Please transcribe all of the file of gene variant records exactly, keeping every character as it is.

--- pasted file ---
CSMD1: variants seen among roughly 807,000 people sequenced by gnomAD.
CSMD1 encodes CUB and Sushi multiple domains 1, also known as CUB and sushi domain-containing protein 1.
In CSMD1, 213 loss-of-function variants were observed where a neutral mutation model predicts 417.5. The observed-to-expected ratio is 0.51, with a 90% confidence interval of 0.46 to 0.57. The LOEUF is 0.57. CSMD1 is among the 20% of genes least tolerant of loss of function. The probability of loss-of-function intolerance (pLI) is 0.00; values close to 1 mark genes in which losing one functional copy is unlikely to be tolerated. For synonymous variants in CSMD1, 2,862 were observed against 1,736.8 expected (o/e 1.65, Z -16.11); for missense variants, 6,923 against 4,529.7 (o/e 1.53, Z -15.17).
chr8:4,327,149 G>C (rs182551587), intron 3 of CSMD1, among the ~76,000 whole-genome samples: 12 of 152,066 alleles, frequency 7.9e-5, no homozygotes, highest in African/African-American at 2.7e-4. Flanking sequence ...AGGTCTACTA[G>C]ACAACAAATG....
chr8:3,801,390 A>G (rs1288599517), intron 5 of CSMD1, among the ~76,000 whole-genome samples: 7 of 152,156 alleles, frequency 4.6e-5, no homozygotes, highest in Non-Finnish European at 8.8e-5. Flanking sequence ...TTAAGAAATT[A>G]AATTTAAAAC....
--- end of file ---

CSMD1: variants seen among roughly 807,000 people sequenced by gnomAD.
CSMD1 encodes CUB and Sushi multiple domains 1, also known as CUB and sushi domain-containing protein 1.
In CSMD1, 213 loss-of-function variants were observed where a neutral mutation model predicts 417.5. The observed-to-expected ratio is 0.51, with a 90% confidence interval of 0.46 to 0.57. The LOEUF is 0.57. CSMD1 is among the 20% of genes least tolerant of loss of function. The probability of loss-of-function intolerance (pLI) is 0.00; values close to 1 mark genes in which losing one functional copy is unlikely to be tolerated. For synonymous variants in CSMD1, 2,862 were observed against 1,736.8 expected (o/e 1.65, Z -16.11); for missense variants, 6,923 against 4,529.7 (o/e 1.53, Z -15.17).
chr8:4,327,149 G>C (rs182551587), intron 3 of CSMD1, among the ~76,000 whole-genome samples: 12 of 152,066 alleles, frequency 7.9e-5, no homozygotes, highest in African/African-American at 2.7e-4. Flanking sequence ...AGGTCTACTA[G>C]ACAACAAATG....
chr8:3,801,390 A>G (rs1288599517), intron 5 of CSMD1, among the ~76,000 whole-genome samples: 7 of 152,156 alleles, frequency 4.6e-5, no homozygotes, highest in Non-Finnish European at 8.8e-5. Flanking sequence ...TTAAGAAATT[A>G]AATTTAAAAC....